107137 Genetically-Enhanced Winter-Hardy Faba Bean (Vicia faba L.) Germplasm for Cover Crop Cultivar Development.
Poster Number 1025
Tuesday, October 24, 2017
Tampa Convention Center, East Exhibit Hall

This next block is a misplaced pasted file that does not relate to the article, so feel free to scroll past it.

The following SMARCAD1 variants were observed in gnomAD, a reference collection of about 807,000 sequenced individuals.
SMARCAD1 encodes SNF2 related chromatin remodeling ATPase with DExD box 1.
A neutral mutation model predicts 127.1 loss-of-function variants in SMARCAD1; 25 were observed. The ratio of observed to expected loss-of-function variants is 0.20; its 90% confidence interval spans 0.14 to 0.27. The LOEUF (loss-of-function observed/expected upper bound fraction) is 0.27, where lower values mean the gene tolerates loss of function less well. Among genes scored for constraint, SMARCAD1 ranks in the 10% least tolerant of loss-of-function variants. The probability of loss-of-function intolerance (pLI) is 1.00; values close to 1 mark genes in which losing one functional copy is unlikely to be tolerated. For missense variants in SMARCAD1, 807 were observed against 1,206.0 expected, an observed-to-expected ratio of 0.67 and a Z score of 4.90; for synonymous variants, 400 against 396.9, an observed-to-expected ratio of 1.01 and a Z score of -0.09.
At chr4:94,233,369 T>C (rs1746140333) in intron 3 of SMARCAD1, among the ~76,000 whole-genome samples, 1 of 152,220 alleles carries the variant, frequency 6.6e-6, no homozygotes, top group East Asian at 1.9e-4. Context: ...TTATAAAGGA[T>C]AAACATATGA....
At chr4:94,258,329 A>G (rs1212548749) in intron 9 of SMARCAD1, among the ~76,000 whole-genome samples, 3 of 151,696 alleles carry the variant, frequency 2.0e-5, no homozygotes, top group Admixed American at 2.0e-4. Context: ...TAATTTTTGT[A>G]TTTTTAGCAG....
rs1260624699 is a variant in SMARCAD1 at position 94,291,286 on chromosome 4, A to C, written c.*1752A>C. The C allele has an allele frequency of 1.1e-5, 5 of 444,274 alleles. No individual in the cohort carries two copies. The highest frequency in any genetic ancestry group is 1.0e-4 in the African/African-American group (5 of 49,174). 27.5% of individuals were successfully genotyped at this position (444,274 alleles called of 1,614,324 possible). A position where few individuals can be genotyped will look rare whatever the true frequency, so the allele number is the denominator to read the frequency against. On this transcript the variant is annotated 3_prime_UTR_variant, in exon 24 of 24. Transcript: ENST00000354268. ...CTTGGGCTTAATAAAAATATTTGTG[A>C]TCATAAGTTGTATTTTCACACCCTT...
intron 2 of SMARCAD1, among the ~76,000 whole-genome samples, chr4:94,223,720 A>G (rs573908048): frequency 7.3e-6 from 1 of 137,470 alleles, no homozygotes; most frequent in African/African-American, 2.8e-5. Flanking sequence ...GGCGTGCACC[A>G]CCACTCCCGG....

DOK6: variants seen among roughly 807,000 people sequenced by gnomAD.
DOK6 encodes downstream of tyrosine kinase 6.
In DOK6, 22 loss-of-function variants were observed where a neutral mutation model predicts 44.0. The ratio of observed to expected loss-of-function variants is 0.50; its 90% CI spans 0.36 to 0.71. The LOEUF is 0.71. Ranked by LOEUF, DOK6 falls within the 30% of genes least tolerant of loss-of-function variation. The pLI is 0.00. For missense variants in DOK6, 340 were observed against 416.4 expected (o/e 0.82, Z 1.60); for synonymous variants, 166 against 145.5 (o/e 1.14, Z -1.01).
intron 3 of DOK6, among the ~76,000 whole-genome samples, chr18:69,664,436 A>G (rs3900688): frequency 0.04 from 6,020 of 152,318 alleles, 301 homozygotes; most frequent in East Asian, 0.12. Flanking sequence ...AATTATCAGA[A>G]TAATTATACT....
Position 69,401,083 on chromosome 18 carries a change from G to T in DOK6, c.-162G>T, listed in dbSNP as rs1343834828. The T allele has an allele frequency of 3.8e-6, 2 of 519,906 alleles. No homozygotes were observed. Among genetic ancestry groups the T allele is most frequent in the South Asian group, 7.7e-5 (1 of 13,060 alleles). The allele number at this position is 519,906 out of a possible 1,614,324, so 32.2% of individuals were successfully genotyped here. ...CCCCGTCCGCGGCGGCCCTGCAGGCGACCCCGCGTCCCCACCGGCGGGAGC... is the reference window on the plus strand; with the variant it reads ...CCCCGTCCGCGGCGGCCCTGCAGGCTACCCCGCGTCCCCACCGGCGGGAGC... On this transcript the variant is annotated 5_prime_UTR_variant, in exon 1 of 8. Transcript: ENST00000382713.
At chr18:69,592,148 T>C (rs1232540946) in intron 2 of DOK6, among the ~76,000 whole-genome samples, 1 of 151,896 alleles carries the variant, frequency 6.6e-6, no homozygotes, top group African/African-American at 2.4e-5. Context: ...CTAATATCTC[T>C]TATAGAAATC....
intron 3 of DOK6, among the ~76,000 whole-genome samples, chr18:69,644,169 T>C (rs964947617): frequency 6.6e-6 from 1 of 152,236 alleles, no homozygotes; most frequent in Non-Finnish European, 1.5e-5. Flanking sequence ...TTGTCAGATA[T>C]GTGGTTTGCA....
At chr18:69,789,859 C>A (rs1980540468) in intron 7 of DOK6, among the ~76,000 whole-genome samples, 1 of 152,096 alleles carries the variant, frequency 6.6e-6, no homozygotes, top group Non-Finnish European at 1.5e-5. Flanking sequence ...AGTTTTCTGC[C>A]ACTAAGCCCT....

Cover crop utilization in North American farming systems is expanding. In response to a recent surge in demand for diverse sources of cover crops, we are working on enhancing the winter-hardiness of faba bean (Vicia faba L.) for use as a winter leguminous cover crop. Faba bean is grown world-wide as a pulse (grain legume) crop and several studies have demonstrated a net N benefit (up to 100–200 kg N ha−1) for the following crop in rotation. The USDA faba bean germplasm collection of ~800 accessions from 60 countries is maintained at the Western Regional Plant Introduction Station in Pullman, WA. This germplasm collection has captured a sufficient amount of genetic variation and contributed to our effort in enhancing winter-hardiness by using natural selection for over-wintering in southeastern Washington. We have recently released four winter-hardy faba bean germplasm lines after selection over five consecutive winter seasons for pulse and cover crop development in the U.S. Pacific Northwest and other regions up to USDA Plant Hardiness Zone 6b. Progress is being made in selecting for higher biomass yield and smaller seed size, important traits for economical use of faba bean as a cover crop. A new line with high yield potential (over 2,300 kg ha−1) in two consecutive years and small seed size (0.4 grams seed−1) is in the process of germplasm release for cover crop development.